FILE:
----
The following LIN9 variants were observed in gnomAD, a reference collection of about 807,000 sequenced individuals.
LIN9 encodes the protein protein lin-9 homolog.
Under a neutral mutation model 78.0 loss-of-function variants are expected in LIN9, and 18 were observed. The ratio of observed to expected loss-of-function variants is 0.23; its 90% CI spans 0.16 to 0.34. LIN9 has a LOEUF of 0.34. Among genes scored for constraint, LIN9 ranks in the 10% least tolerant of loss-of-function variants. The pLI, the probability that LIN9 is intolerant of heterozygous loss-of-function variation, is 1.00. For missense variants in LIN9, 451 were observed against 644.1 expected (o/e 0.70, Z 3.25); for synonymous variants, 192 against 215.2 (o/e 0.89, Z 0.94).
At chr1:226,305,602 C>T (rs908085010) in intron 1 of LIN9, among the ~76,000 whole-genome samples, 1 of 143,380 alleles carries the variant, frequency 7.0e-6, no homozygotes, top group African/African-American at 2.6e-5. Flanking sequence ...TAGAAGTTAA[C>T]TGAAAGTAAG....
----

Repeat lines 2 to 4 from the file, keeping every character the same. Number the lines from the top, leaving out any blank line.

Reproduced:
LIN9 encodes the protein protein lin-9 homolog.
Under a neutral mutation model 78.0 loss-of-function variants are expected in LIN9, and 18 were observed. The ratio of observed to expected loss-of-function variants is 0.23; its 90% CI spans 0.16 to 0.34. LIN9 has a LOEUF of 0.34. Among genes scored for constraint, LIN9 ranks in the 10% least tolerant of loss-of-function variants. The pLI, the probability that LIN9 is intolerant of heterozygous loss-of-function variation, is 1.00. For missense variants in LIN9, 451 were observed against 644.1 expected (o/e 0.70, Z 3.25); for synonymous variants, 192 against 215.2 (o/e 0.89, Z 0.94).
At chr1:226,305,602 C>T (rs908085010) in intron 1 of LIN9, among the ~76,000 whole-genome samples, 1 of 143,380 alleles carries the variant, frequency 7.0e-6, no homozygotes, top group African/African-American at 2.6e-5. Flanking sequence ...TAGAAGTTAA[C>T]TGAAAGTAAG....